One can coherently say "There's no word for X", but one can't very well say "There's no concept for X", because to say it is to conceptualize X.

  29. JPL said,

    December 28, 2016 @ 9:32 pm

    Are we talking about cases like the recognized strategy of intellectually dishonest argument that somebody eventually called "gish-galloping" before the somebody called it that?

  30. philip said,

    December 28, 2016 @ 10:11 pm

    Liff (according to the wiki link) seems to be defined as "A book, the contents of which are totally belied by its cover. For instance, any book the dust jacket of which bears the words, 'This book will change your life'."

    So the concept of 'having a winner' is moot.

    What about: agverbal, or averbal (based on agnostic and atheist) or, my own choice, a Ludwig or a Wittgenstein (based on: 'Whereof on cannot speak, thereof one must be silent.').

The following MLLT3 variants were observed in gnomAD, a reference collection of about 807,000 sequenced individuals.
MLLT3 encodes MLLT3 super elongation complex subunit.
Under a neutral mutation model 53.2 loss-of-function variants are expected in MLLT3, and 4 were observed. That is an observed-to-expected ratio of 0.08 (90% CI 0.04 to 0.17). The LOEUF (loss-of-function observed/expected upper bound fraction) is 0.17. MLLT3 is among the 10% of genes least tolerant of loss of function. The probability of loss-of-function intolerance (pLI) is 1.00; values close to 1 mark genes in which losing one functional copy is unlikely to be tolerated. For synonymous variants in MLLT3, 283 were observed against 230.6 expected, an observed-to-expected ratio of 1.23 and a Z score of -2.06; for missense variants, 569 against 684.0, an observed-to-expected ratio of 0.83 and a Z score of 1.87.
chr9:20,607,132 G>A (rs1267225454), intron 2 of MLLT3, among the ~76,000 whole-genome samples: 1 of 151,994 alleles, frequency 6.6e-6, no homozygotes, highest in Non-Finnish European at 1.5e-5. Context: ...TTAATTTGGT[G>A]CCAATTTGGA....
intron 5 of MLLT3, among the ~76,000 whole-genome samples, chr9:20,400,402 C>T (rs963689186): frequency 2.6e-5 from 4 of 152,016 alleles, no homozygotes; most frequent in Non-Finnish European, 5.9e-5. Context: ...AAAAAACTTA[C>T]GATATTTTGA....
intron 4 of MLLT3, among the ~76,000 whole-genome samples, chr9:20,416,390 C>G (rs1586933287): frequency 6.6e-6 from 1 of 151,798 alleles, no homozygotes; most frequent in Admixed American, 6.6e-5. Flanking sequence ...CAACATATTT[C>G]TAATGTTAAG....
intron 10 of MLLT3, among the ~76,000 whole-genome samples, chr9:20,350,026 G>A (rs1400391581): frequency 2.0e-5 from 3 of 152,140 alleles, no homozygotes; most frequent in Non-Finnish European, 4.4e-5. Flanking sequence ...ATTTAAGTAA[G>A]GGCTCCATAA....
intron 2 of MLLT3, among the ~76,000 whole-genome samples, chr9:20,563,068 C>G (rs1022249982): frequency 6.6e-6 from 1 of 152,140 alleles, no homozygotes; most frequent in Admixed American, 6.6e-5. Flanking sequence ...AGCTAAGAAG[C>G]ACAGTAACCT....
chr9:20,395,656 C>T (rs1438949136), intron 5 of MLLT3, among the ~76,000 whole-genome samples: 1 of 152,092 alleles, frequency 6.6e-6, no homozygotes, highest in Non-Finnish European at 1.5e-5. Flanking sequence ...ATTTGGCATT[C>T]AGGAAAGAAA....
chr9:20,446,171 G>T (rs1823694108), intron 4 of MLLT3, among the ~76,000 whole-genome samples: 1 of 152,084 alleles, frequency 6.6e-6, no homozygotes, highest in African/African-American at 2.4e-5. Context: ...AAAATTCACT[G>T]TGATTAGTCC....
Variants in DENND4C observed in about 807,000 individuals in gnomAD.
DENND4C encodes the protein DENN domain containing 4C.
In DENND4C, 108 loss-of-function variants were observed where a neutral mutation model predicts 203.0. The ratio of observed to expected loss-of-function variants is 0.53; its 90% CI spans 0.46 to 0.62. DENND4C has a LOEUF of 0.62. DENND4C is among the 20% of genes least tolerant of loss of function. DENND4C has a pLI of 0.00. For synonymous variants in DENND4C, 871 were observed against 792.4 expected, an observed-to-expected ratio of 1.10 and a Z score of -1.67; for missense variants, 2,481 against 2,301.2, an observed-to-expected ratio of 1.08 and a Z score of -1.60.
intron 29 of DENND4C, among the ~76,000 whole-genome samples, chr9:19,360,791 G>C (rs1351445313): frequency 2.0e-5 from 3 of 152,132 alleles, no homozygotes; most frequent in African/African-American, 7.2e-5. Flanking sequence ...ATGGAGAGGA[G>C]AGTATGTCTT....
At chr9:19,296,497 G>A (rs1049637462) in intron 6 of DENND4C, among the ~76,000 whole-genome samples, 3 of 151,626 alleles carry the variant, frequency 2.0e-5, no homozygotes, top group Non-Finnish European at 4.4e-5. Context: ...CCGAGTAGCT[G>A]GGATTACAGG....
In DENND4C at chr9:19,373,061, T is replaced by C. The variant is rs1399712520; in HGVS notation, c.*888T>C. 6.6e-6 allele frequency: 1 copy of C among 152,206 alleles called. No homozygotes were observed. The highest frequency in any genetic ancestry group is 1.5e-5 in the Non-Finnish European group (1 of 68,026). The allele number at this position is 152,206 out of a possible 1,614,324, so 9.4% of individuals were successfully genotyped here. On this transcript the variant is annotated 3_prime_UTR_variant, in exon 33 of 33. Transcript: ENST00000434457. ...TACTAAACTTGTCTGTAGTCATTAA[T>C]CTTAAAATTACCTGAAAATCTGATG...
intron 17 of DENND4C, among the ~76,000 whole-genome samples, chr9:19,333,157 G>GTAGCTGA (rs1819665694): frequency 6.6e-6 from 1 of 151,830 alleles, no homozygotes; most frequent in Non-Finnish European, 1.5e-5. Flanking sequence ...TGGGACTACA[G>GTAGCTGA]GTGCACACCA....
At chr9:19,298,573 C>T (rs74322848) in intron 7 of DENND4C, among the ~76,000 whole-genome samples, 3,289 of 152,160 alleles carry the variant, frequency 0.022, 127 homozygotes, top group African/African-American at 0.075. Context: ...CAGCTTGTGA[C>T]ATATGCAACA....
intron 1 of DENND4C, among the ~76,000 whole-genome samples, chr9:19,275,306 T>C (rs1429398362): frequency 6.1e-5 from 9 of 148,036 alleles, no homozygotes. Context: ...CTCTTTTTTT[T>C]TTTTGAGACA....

31. Faoladh said,

    December 28, 2016 @ 11:10 pm

    @philip: At the wikipedia article, read the first paragraph under "Versions". The definition as given in The Deeper Meaning of Liff (the source specified in the comment above) is the appropriate one.

  32. JPL said,

    December 29, 2016 @ 2:05 am

    E.g., 'l'esprit de l'escalier': What do you have before you have the category (meaning, senses, historical resonance, etc.) expressed by the expression (could be lexical) "l'esprit de l'escalier"? The signifier for a lexeme indexes a principle of unification for a category.

  33. JPL said,

    December 29, 2016 @ 2:22 am

    How about 'pre-categorical idea'? E.g., "We need a standard expression (a word) for the pre-categorical idea of "relating an amusing story to someone without remembering that it was they who told it to you in the first place"."

  34. raempftl said,

    December 29, 2016 @ 4:27 am

    In what way do the concepts of "gloating" and "schadenfreude" differ in English?

    I am a German native speaker and always assumed that gloating is the corresponding word for Schadenfreude

  35. Jeroen Mostert said,

    December 29, 2016 @ 4:34 am